Don’t focus on just the individual being healed, but imagine all of the family members and extended community that had likely helped care for this man all the days of his life, providing meals even when times were hard, defending him against those who judged him. They too are transformed by this encounter with Jesus. The whole community when they saw what happened praise God! They can now see too that God, through Jesus, is still on the move, ushering in new possibilities for their lives and worlds, revealing that God sees their hungers for healing and offers us a way to a transformed life not just as individuals but as a whole community.

If Jesus stopped by your front door today and looked at you, right into your eyes, and asked - “What do you want me to do for you?” - how would you answer?

What healing do you need today - for a relationship, for a physical challenge, for a spiritual wound, for the ability to see?

Think of everyone that needs to hear that question from Jesus right now.
- Like those struggling on ventilators right now, those in hospitals with COVID-19, worried about never seeing their family again…
- Like those struggling to battle cancer, even when the doctor’s head hangs low to tell them the bad news…
- Like a gay, lesbian, or transgender teenager who came out to their parents this weekend and now find themselves without a home as their misguided parents try to punish them by showing them the door…
- Like those crying out for dignity on our city streets to be heard, to be acknowledged, to be offered equal treatment under the law…
- Like those who are feeling disconnected and cut off from the people they love…
- Like those who are grieving the loss of their partners, their parents, their children, or their friends…

“What do you want me to do for you?” Jesus asks.

Our scripture reminds us ultimately that God is in the healing business - God is interested in our deepest needs and our deepest longings to be made whole. Perhaps our call in this time of division and disease is to stop as we proceed down to the Jerichos of our lives and listen to the cries of our neighbors and the cries of our own hearts. To take to Jesus our fear, our anxiety, and our pain, trusting that Jesus is asking us that question each day of our lives, waiting for our response, “What do you want me to do for you?”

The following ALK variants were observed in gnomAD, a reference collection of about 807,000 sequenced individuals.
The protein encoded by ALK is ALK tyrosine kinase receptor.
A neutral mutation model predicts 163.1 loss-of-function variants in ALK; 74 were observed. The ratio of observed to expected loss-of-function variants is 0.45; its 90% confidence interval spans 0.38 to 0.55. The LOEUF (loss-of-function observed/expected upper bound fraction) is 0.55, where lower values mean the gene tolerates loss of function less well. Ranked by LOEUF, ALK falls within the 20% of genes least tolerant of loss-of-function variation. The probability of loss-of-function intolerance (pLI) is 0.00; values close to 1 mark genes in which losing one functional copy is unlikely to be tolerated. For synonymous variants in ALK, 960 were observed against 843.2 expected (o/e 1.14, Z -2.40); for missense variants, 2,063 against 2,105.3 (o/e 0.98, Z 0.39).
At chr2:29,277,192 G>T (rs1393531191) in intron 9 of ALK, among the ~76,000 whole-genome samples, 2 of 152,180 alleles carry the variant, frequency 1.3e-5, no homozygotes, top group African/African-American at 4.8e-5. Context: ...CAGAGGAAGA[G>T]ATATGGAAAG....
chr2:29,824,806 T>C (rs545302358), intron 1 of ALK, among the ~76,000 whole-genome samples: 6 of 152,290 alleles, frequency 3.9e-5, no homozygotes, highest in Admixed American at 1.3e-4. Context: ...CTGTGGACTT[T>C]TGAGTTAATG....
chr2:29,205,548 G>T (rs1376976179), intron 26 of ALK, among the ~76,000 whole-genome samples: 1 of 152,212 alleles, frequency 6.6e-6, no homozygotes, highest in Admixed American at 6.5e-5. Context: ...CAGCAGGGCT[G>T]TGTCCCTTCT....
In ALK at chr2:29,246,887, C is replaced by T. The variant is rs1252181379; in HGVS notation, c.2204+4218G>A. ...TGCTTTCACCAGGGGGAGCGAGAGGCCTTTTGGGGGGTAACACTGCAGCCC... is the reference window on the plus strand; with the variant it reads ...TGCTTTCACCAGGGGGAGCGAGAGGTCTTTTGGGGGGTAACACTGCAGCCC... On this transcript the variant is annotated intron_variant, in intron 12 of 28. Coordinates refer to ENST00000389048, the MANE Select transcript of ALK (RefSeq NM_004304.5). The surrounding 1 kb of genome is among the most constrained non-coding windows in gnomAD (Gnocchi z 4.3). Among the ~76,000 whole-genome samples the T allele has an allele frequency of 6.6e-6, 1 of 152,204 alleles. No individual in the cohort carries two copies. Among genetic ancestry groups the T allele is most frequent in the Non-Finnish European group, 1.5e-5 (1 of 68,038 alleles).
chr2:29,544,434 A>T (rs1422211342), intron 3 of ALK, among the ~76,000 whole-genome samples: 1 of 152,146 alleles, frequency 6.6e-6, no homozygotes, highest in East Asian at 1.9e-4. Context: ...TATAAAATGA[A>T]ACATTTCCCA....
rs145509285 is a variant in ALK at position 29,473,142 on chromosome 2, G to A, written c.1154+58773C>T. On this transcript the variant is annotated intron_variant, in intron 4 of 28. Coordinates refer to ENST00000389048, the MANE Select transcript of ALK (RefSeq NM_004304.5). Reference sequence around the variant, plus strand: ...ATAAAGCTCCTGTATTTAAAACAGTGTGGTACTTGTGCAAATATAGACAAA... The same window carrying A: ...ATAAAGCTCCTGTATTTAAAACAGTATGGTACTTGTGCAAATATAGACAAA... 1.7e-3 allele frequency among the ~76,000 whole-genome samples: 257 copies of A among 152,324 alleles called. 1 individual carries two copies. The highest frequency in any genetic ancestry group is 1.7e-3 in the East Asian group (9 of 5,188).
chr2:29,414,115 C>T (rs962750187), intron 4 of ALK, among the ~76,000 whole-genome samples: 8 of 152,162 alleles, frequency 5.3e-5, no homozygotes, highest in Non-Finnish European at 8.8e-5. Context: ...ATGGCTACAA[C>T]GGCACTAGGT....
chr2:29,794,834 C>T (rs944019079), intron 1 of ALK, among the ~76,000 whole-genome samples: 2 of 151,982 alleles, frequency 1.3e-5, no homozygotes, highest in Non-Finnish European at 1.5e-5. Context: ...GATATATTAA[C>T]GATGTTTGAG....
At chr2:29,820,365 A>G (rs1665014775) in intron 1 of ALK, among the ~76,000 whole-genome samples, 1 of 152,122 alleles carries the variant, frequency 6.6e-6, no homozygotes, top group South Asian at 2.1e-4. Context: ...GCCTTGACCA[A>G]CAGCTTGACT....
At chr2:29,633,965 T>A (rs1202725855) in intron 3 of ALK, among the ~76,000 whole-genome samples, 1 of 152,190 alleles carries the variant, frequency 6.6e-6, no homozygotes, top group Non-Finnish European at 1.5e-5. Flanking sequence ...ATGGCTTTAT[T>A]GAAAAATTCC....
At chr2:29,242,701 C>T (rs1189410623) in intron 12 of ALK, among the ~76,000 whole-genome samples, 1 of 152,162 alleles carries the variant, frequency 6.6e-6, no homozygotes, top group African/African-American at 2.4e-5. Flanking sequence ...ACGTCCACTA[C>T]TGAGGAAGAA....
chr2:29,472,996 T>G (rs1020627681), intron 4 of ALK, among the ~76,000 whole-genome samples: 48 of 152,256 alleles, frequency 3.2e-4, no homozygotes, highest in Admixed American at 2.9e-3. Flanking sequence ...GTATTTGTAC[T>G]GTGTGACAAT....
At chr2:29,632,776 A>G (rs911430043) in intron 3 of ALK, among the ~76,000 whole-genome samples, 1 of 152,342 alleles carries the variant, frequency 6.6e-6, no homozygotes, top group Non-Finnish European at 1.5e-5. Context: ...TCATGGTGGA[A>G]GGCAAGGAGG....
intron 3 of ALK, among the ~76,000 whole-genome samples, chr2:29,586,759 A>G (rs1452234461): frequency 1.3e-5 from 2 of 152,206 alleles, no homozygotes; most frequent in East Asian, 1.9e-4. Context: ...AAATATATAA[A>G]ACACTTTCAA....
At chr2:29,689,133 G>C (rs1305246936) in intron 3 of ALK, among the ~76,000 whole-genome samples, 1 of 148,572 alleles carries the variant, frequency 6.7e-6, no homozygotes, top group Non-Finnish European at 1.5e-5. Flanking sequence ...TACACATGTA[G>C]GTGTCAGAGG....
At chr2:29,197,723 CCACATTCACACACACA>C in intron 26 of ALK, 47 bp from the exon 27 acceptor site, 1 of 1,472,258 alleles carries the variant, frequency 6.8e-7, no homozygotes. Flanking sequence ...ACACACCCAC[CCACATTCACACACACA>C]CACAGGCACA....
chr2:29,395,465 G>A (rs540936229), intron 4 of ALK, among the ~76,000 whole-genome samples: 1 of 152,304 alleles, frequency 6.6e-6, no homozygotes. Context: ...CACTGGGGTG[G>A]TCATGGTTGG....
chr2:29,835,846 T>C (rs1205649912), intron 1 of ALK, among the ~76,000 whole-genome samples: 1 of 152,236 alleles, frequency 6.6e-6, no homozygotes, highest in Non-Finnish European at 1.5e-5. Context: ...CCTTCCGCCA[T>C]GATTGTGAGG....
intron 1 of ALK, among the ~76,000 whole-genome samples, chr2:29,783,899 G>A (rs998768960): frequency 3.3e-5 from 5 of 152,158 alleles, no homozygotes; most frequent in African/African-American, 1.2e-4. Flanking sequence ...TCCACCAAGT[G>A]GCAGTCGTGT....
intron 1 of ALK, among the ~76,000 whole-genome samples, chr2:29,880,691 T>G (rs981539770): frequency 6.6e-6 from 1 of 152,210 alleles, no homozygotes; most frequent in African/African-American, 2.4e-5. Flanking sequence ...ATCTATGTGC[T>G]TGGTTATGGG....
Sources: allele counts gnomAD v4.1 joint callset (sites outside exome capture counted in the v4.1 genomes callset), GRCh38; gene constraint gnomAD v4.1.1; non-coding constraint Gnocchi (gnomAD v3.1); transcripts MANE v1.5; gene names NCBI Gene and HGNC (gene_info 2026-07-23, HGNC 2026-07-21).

One of the stories that came to my mind as I thought about this scripture was from a youth Sunday school class I attended in my home church in Anadarko, OK so many years ago. Our teacher was Verl Daugherty, an long time leader and incredible man who cared about us young people at the church. That morning he was talking about miracles and healing, and he asked us, “What is a miracle?”

I remember we argued a little bit about the definition, us young people who felt like we know so much about life already and a lot about God. A miracle meant it had to be God doing something out of the blue, out of nowhere, detached from anything in the world. It’s almost like we argued that miracles couldn’t happen in hospitals or through doctors or human relationship.

Verl then told his story about being diagnosed by his doctor with a rare and life-threatening condition. He had limited treatment options, the best of which included going to the Mayo Clinic up in Minnesota. Unfortunately, time was short. To have the best chance to deal with this condition, he needed to get treatment immediately and the earliest they could book him was a few months away. I know Verl and his wife and our church prayed, asking and hoping for God to move. And then - out of the blue, the Mayo Clinic called and said, “We’ve had an opening two days from now. Can you get here?”

Verl dropped everything, jumped on a plane, and made the appointment - saving his life in the process.

I remember he turned to us and asked, “Now, for me, that was a miracle.”

Miracles can sometimes look like vaccines. Like the kindness of a stranger. Like the strong leadership of one committed to changing broken systems. Like the generosity of a normal person like you and me. And especially like those moments when we truly see each other and listen to the deep hunger we have for wholeness.

I’ve invited Gladstone to play something quietly, and while he plays, I want you to quietly imagine Jesus asking you the question he asked the blind beggar that day - “What do you want me to do for you?” Offer your hurts to Jesus today and trust that Jesus sees you and listens.

(posted 10/20/20)

Hungry for Daily Bread

Scripture: John 6:1-14